"None of us realized at the beginning that this would become a worldwide pandemic," says von Reyn. Today, he's turned over the care of local AIDS patients to colleagues and is attacking the disease on a far broader front. He is one of the leaders of the DARDAR Project, based in the central African nation of Tanzania. The HIV infection rate in Tanzania is 10% in adults and 30% in pregnant women. DARDAR, a collaboration between Dartmouth Medical School and Tanzania's Muhimbili University College of Health Sciences (MUCHS), includes a clinic for children with HIV/AIDS, a trial for a tuberculosis vaccine (tuberculosis being a common complication of AIDS), and a program to train Tanzanian researchers.

The term DARDAR was drawn from the first three letters of "Dartmouth" and "Dar es Salaam," the city where MUCHS is located. In addition, the acronym is similar to the Kiswahili word "dada," which means "sister." The close relationship between the two institutions—and their commitment to address AIDS together—was broadened six months ago to be a Dartmouth-wide project called the Global Health Initiative. Von Reyn expects to focus on those efforts for some time to come.

Investigating implications
Dr. Andrew Saykin: now a professor of psychiatry and of radiology at Dartmouth Medical School

In 1984, Andrew Saykin was a junior faculty member at the University of Pennsylvania when he was offered the opportunity of a lifetime—to work on a mysterious new disease. Dr. Robert Janssen, a CDC neurologist who had trained at Penn, asked for Saykin's help in assessing the neurological effects of


  • U.S. Food and Drug Administration (FDA) approves zidovudine, AZT, the first antiretroviral for the treatment of AIDS.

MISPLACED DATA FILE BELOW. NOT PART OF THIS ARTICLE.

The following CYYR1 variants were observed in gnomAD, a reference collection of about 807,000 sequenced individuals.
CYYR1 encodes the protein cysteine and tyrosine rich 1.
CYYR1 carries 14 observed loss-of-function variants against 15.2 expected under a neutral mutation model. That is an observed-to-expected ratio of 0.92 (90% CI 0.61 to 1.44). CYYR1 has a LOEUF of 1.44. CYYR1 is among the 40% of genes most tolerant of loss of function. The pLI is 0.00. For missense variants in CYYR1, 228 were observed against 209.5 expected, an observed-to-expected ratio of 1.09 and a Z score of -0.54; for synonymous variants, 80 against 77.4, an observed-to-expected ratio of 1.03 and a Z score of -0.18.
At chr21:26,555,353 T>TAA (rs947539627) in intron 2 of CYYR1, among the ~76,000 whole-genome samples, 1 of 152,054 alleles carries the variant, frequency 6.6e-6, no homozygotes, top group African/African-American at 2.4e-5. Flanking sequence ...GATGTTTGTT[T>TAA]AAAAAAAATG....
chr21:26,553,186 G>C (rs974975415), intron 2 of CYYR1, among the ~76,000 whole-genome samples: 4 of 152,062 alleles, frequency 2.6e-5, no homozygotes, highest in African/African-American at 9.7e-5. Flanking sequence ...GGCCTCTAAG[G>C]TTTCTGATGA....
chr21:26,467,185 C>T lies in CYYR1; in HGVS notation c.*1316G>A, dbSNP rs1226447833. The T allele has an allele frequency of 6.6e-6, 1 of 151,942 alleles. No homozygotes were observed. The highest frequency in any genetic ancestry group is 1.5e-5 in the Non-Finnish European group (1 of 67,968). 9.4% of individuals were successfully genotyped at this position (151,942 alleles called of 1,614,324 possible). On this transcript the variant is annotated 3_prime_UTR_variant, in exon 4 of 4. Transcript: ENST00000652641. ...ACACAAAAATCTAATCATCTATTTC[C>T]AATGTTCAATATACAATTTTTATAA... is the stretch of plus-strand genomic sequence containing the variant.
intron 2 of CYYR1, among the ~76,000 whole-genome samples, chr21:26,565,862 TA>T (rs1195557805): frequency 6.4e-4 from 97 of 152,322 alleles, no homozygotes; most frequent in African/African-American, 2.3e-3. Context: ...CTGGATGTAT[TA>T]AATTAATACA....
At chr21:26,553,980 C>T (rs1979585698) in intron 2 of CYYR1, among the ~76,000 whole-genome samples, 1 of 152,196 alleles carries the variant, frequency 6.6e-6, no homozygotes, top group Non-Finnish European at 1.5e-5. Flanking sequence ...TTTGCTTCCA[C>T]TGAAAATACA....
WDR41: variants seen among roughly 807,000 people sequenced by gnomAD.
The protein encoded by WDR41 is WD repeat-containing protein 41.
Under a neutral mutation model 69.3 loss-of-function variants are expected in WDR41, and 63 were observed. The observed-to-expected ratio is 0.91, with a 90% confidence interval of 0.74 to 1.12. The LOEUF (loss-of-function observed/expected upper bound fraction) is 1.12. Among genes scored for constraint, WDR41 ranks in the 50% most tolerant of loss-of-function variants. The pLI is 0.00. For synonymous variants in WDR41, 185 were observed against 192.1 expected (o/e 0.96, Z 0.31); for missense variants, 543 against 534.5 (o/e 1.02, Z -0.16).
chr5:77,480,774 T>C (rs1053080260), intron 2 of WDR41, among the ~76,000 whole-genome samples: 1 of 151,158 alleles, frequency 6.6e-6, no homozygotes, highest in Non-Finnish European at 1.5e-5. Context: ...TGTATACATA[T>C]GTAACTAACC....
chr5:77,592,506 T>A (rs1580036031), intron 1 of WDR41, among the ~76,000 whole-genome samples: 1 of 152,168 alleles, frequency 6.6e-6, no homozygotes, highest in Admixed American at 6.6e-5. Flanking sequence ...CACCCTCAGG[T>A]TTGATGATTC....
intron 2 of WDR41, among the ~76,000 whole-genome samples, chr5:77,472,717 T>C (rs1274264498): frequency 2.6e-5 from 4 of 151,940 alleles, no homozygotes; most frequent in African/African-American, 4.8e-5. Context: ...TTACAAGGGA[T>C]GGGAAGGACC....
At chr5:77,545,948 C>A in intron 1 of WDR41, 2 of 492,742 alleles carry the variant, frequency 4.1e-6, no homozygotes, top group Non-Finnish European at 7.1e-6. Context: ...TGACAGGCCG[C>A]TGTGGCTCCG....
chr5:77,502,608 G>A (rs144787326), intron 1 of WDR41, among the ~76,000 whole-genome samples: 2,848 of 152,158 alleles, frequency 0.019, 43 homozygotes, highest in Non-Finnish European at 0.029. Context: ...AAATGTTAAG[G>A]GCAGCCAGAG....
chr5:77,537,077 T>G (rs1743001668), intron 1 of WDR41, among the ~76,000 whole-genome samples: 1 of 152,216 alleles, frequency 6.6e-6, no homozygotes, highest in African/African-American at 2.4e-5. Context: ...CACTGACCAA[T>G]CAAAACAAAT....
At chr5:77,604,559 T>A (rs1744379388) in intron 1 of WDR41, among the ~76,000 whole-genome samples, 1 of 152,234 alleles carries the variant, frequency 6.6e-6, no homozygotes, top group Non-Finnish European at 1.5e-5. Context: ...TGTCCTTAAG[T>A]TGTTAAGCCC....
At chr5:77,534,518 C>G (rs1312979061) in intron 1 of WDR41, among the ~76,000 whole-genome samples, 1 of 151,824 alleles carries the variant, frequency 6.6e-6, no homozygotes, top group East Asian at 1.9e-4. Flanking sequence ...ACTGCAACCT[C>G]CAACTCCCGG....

• Entertainer Liberace dies of AIDS.
  • The AIDS Memorial Quilt is started in San Francisco (it comes to Hanover in 1991).
  • Princess Diana shakes hands with AIDS patients without gloves to show the disease can't be spread by normal contact.
  • AIDS is the first disease ever debated on the floor of the UN General Assembly. The body resolves to mobilize the UN against AIDS, under WHO leadership.


  • A summary of Surgeon General Koop's report, Understanding AIDS, is mailed to every U.S. household.
  • WHO declares the first World AIDS Day.
  • U.S. NIH establishes the Office of AIDS Research as a separate agency.
  • The U.S. bans discrimination against federal workers who are HIV-positive.


  • More celebrities die of AIDS, including choreographer Alvin Ailey and photographer Robert Mapplethorpe.
  • Congress passes a resolution to create the National Commission on AIDS.
  • A drug trial shows that AZT can slow the progression of AIDS. U.S. Secretary of Health Louis Sullivan calls this "a turning point in the battle to change AIDS from a fatal disease to a treatable one."


  • The Americans with Disabilities Act is passed; it prohibits discrimination based on disability, including HIV/AIDS.
  • Ryan White dies and Congress approves the Ryan White CARE Act to provide community-based AIDS care.
  • The CDC reports the possible transmission of HIV to a patient during a dental procedure. The dentist had been diagnosed with AIDS three months before performing the procedure.